|Publication number||US6994603 B2|
|Application number||US 10/775,291|
|Publication date||Feb 7, 2006|
|Filing date||Feb 10, 2004|
|Priority date||Jan 30, 2004|
|Also published as||US20050176313|
|Publication number||10775291, 775291, US 6994603 B2, US 6994603B2, US-B2-6994603, US6994603 B2, US6994603B2|
|Inventors||Tim T. Clark, Harry L. Schoell|
|Original Assignee||Clark Tim T, Schoell Harry L|
|Export Citation||BiBTeX, EndNote, RefMan|
|Patent Citations (14), Referenced by (6), Classifications (15), Legal Events (4)|
|External Links: USPTO, USPTO Assignment, Espacenet|
This is a regular patent application based upon and claiming the benefit of provisional patent application Ser. No. 60/540,440 filed Jan. 30, 2004 and provisional patent application Ser. No. 60/542,148 filed Feb. 6, 2004.
The present invention relates to an integrated bell housing, particularly for a marine internal combustion engine, which houses a geared transmission for the engine and which carries certain engine accessories thereon.
Historically, certain engine accessories such as the alternator, supercharger, water pump, are typically located on the front of the internal combustion engine and are driven from the engine with belts and pulleys. Of course, the starter is rear mounted and drives the engine at start-up engaging with the flywheel. In a marine environment, it is beneficial to reduce the overall length of the engine while maintaining the high performance of the marine internal combustion engine. Further, in a marine environment which is subject to the corrosive effect of salt and degradation by water and humidity, belts and pulleys are high maintenance items.
In the past, starters are sometimes coupled to the engine by a gear ring attached on or about the flywheel wherein the flywheel is typically a connection point to the transmission for the internal combustion engine.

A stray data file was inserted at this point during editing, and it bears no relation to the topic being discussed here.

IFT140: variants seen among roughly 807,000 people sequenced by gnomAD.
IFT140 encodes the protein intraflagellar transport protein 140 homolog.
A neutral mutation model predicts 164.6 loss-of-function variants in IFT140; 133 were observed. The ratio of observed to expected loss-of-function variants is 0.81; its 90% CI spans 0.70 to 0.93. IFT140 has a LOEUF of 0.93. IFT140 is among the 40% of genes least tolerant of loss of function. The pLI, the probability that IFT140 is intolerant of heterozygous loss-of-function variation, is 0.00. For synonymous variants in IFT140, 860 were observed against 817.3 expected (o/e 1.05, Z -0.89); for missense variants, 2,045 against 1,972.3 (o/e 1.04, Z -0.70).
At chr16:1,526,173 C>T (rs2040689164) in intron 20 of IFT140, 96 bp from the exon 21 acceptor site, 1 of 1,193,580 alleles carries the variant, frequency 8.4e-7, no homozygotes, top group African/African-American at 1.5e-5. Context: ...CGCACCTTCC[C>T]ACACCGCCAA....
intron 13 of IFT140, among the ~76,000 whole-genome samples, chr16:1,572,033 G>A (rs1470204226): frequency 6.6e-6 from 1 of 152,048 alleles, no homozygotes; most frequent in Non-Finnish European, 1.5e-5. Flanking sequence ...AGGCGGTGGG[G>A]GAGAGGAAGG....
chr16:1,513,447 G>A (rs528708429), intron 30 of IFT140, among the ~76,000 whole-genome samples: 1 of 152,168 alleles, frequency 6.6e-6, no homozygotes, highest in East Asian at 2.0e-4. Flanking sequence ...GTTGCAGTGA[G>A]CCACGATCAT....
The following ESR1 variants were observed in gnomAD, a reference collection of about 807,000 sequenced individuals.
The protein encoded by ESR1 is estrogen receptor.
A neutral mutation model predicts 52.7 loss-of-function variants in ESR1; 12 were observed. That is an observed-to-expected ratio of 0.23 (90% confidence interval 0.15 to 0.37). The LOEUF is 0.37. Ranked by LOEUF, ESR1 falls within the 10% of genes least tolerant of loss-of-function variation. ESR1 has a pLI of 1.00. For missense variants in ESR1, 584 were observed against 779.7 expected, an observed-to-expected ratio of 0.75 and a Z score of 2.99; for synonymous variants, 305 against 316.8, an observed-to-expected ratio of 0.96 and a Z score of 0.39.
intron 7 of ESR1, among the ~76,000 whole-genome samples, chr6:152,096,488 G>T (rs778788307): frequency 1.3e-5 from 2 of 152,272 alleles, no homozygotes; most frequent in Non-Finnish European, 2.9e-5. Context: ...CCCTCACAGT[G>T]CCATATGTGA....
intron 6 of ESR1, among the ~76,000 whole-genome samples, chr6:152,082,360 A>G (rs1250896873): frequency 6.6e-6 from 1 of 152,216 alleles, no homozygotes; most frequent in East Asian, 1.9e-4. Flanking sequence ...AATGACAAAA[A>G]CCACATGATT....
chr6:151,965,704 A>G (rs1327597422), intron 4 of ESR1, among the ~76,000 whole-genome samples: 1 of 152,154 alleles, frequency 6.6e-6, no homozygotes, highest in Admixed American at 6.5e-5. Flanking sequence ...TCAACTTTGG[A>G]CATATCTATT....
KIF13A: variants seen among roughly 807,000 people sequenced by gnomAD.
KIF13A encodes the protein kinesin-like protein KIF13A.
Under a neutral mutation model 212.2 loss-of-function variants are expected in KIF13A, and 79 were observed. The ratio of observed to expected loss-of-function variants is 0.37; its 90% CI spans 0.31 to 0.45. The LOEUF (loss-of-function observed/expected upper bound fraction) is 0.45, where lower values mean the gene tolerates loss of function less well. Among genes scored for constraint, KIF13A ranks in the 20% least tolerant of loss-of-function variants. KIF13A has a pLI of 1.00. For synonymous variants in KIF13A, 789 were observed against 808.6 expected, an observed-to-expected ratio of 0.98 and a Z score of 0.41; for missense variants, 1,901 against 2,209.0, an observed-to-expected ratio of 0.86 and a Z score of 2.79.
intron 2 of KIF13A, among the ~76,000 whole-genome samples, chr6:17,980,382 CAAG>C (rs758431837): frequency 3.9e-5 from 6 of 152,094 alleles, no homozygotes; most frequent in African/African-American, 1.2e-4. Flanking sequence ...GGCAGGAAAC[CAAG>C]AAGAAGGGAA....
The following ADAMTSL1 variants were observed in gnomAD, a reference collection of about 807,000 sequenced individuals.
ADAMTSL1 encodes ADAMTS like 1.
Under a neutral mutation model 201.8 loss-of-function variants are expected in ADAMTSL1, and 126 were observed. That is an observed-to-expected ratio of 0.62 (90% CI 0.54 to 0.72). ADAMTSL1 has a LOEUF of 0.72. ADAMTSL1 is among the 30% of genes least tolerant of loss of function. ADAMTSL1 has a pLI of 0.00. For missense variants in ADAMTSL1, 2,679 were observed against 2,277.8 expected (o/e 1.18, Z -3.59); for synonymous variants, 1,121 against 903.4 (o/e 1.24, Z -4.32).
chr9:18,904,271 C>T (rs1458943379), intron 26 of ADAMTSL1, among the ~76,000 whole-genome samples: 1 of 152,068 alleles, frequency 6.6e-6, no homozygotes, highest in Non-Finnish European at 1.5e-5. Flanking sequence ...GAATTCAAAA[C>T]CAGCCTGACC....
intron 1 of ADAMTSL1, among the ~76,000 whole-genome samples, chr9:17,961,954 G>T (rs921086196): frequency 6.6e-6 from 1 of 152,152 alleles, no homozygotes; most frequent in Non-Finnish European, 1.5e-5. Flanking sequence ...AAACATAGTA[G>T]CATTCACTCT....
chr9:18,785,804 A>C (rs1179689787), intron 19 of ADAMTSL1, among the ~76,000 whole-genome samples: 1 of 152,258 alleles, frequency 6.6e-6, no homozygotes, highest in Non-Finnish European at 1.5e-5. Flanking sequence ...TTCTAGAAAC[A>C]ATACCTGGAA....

It is an object of the present invention to mount a supercharger (if necessary), alternator and a water pump on the exterior of a bell housing and transmission case and drive those engine accessories from the flywheel (the supercharger and alternator) and from a pump drive shaft keyed to the crankshaft of the engine (the water pump).
It is a further object of the present invention to provide an integrated bell housing wherein the supercharger, alternator, water pump and starter are mounted on the exterior of the bell housing and transmission case. The supercharger may be omitted as appropriate.
It is an additional object of the present invention to provide a marine engine with an integrated bell housing which is generally smaller in length than comparable marine engines due to the repositioning of engine accessories and utilization of the integrated bell housing.
The integrated bell housing, employed on a marine internal combustion engine, carries on its exterior engine accessories such as a supercharger, an alternator, a water pump and a starter. The engine has a crankshaft attaching flange extending into the interior space of the bell housing to which is coupled the flywheel. The bell housing also encloses a geared transmission which is coupled to the crankshaft via a flex plate. The integrated bell housing includes mounting system for the supercharger, alternator and starter. The water pump is driven from a shaft connecting to the crankshaft through the rear of the transmission case. The flywheel incorporates two gear faces for the purpose of driving engine accessories. A first complementary gear is coupled to a supercharger drive shaft rotatably mounted through the bell housing such that the flywheel drives the supercharger. A second complementary gear is coupled to an alternator drive shaft rotatably mounted through the bell housing such that the flywheel drives the alternator. A water pump drive shaft is keyed to the crankshaft and is rotatably mounted through the transmission housing such that the crankshaft of the engine drives the water pump. The starter is mounted on the bell housing and a starter drive shaft is rotatably mounted through the bell housing such that the starter can be adopted to drive the flywheel to start the engine.